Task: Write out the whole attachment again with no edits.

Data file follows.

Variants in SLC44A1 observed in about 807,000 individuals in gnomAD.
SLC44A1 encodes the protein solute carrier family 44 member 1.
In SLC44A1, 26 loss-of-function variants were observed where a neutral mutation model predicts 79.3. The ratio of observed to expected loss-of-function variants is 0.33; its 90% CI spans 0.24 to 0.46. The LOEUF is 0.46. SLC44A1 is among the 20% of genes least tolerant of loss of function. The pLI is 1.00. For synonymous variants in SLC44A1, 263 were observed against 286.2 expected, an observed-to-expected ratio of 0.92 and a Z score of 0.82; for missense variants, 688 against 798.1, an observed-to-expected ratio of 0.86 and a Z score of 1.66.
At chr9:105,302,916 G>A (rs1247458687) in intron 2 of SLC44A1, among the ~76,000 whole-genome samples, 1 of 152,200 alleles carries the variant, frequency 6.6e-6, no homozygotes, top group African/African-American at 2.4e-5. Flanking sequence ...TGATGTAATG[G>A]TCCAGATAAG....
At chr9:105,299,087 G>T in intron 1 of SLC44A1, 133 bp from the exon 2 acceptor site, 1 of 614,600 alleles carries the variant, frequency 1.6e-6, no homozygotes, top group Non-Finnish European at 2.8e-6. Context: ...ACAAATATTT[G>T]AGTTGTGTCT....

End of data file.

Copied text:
Variants in SLC44A1 observed in about 807,000 individuals in gnomAD.
SLC44A1 encodes the protein solute carrier family 44 member 1.
In SLC44A1, 26 loss-of-function variants were observed where a neutral mutation model predicts 79.3. The ratio of observed to expected loss-of-function variants is 0.33; its 90% CI spans 0.24 to 0.46. The LOEUF is 0.46. SLC44A1 is among the 20% of genes least tolerant of loss of function. The pLI is 1.00. For synonymous variants in SLC44A1, 263 were observed against 286.2 expected, an observed-to-expected ratio of 0.92 and a Z score of 0.82; for missense variants, 688 against 798.1, an observed-to-expected ratio of 0.86 and a Z score of 1.66.
At chr9:105,302,916 G>A (rs1247458687) in intron 2 of SLC44A1, among the ~76,000 whole-genome samples, 1 of 152,200 alleles carries the variant, frequency 6.6e-6, no homozygotes, top group African/African-American at 2.4e-5. Flanking sequence ...TGATGTAATG[G>A]TCCAGATAAG....
At chr9:105,299,087 G>T in intron 1 of SLC44A1, 133 bp from the exon 2 acceptor site, 1 of 614,600 alleles carries the variant, frequency 1.6e-6, no homozygotes, top group Non-Finnish European at 2.8e-6. Context: ...ACAAATATTT[G>T]AGTTGTGTCT....